A:(Ray) We are treating the material now as a hazardous waste, a hazardous material. That's what's going to the landfill in Alabama, and so it is covered under the CRCLA that TVA invoked early on as part of our responsibility. As far as the remaining part of the ash, if it was to go somewhere else or new ash that generated, that's something we'd have to evaluate.

Q: Some environmental groups have recently been calling for the removal of federal exemptions from TVA. A year out, how do you respond to that?

A: (Kilgore) Are you referring to the letter that was written to President Obama? I don't quite understand because we're subject to EPA regulations now, so we're doing a lot of the things that were in that letter already. But we are absolutely subject to EPA regulations, including fines, and we have paid fines in the past.

Q: And as far as the discretionary function exemption?

A: (Kilgore) Well, that's about, you know, what we are defending ourselves on...Frankly, what we've tried to do is settle with most of the people where it is clear cut that we've damaged their property. We've gone to court and we've tried to settle with them. Now, the courts are there and other people have chosen to use the courts, and we'll defend ourselves. But the discretionary function exemption is not that we're not subject to the EPA.

Q: How do you make the calculation when you're considering how much to award a settlement, versus looking at a lawsuit that could go on for years and years, and the costs of those legal fees?

A: (Kilgore) Well, if were to get into settlement conversations, we'd obviously take that into consideration. But really what we're trying to do is decide how much we have injured these folks in terms of their property. And we've gone back, for instance, and used appraisals from before Dec. 22 and negotiated an amount over that to compensate them for any other inconvenience.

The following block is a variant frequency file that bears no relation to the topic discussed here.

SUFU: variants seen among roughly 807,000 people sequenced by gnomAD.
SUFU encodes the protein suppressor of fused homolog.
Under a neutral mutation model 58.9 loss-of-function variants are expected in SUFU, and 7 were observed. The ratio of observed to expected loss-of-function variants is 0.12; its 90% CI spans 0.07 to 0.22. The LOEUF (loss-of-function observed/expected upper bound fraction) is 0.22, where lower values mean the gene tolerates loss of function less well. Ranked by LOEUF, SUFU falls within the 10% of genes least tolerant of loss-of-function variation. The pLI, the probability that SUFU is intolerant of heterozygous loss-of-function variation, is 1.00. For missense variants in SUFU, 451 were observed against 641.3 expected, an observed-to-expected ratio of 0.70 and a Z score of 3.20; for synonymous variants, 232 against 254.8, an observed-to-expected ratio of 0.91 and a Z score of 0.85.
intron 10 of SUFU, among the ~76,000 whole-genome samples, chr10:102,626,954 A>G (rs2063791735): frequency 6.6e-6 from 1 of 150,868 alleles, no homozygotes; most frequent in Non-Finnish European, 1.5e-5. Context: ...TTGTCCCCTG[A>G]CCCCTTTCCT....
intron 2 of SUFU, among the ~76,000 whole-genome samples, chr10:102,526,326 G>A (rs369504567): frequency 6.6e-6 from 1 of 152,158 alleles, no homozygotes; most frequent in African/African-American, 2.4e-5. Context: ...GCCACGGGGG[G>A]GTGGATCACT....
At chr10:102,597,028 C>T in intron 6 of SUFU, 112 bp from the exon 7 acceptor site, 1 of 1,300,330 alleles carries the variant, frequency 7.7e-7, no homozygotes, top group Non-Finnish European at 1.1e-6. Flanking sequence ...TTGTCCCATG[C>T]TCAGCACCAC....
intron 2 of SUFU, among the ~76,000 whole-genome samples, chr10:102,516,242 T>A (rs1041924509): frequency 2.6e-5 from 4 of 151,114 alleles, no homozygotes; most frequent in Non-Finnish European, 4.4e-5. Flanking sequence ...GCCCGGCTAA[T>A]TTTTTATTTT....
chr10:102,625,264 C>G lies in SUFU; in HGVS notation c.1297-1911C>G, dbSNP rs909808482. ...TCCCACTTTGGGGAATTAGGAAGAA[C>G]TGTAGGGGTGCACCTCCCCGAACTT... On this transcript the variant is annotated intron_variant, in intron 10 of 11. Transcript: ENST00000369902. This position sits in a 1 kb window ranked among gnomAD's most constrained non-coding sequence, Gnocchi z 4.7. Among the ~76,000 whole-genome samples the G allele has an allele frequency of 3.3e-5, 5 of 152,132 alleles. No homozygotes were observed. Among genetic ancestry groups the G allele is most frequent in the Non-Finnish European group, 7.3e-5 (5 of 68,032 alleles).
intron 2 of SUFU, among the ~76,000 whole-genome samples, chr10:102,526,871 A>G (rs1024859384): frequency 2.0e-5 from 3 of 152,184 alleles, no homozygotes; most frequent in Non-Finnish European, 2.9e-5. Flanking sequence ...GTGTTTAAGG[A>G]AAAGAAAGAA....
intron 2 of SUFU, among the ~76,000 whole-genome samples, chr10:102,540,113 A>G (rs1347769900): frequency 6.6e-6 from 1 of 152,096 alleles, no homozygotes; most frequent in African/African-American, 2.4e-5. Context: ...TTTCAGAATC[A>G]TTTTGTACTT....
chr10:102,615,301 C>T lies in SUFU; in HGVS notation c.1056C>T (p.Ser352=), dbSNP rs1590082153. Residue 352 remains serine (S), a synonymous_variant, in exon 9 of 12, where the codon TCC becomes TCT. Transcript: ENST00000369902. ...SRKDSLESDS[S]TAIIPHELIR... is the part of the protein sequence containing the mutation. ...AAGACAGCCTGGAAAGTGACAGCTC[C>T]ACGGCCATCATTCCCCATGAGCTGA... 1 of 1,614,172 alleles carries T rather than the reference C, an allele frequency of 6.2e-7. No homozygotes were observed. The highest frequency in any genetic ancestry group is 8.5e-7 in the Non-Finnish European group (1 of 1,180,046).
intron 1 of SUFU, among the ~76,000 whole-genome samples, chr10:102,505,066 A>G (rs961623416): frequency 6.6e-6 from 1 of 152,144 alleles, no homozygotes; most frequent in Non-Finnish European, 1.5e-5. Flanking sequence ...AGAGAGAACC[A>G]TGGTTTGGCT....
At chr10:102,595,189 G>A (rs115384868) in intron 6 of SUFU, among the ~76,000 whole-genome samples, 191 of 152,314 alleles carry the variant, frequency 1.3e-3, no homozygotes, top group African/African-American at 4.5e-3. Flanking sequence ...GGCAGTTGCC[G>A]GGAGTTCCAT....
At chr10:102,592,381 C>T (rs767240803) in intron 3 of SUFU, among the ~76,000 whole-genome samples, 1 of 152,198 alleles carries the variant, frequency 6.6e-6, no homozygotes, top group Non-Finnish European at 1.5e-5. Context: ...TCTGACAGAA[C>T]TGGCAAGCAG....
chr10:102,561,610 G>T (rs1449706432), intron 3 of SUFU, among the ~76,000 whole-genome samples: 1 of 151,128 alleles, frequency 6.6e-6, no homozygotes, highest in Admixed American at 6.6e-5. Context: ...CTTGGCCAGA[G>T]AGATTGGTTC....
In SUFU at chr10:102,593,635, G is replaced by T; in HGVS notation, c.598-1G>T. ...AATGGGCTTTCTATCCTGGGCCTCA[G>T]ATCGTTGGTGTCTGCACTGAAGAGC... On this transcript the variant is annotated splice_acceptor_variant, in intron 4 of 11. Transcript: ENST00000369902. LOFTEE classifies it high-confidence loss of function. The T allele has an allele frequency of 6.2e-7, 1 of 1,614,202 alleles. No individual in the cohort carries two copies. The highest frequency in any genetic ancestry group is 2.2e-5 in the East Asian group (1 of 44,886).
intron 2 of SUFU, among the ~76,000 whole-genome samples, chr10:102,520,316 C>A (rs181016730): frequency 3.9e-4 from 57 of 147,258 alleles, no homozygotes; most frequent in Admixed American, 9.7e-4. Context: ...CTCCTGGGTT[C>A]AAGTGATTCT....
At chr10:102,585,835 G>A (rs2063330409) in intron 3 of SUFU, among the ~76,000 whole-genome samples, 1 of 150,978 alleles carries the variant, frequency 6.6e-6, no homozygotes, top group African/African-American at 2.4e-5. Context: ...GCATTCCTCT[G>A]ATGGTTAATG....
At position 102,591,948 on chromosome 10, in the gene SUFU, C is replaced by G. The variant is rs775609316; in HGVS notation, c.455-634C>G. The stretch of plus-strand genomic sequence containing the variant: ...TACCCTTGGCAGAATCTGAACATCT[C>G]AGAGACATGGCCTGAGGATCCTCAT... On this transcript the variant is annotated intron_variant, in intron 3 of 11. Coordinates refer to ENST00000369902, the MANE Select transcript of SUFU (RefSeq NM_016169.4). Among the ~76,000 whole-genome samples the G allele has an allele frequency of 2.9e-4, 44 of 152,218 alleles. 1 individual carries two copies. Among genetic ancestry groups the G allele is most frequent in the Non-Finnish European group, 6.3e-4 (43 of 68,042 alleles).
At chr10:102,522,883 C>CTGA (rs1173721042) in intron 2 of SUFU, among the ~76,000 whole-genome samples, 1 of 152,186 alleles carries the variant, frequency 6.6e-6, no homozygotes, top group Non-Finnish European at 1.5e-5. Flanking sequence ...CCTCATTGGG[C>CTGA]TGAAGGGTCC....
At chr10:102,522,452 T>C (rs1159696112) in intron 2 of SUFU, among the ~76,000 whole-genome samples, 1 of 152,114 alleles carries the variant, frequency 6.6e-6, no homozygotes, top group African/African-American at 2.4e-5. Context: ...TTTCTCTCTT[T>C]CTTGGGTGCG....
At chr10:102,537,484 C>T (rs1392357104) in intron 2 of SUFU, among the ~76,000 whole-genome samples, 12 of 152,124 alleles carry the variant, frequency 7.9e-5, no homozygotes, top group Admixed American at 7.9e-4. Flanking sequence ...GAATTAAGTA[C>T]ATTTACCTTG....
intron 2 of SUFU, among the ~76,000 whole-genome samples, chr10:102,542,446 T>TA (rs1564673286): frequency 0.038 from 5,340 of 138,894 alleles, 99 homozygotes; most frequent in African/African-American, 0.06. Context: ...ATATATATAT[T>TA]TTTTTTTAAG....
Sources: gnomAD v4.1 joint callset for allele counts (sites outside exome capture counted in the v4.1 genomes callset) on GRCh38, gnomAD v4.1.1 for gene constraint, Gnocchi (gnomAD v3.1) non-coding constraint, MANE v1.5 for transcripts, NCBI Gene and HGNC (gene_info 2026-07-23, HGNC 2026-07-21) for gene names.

Q: And have those settlement practices or offers changed over the course of the year?

A: (Kilgore) No. There are a couple of classes. There are the folks--and I hesitate to use that word--but there are the folks we touched the night of spill. And then there are the folks that were impacted with our recovery. So not all of our settlements have been exactly the same, but they have been consistent. We haven't changed from the last to the first.

Q:  There seems [to be] a renewed effort at communication with the community. Do you worry at all that use of Shook, Hardy & Bacon--most notable for its work with tobacco companies-- damages that perception in the public's mind? Does TVA really want to be associated with tobacco companies?

A: (Kilgore) No, but we selected them for their legal expertise. I didn't even know that that was the case. We selected them for their defense capabilities. We're just looking to defend ourselves as anyone else would if they were sued.

Q: I have a question about the property settlements. I've been told that some of these property settlements include a clause that basically absolves TVA from any future health effects....Is that true?

A: (Kilgore) Some of those do, but we have said that if you still want to go to the health monitoring, you're welcome to go.

A: (Ray) And we've also said, and it's on our website, that if those health assessments determine that you have been affected, TVA will pay financially for your medical expenses. So we have said that.

Q: Well I'm a little confused then, because you guys have consistently said that the ash will not harm anyone's health. So why have the clause in those contracts?

A: (Kilgore) Well, I don't see the inconsistency. We're paying for a settlement; we're asking for a release. But if somebody's extremely concerned about that, we've said you can still go to the health screenings, and if there is something there, we'll pay for the medical tests. You wouldn't expect us to settle with these folks without asking for a release. 

Q: And of the 152 [property owners] you guys have settled with, what percentage have that clause?

A: (Ray) It's a general liability release. It covers everything and they all have it.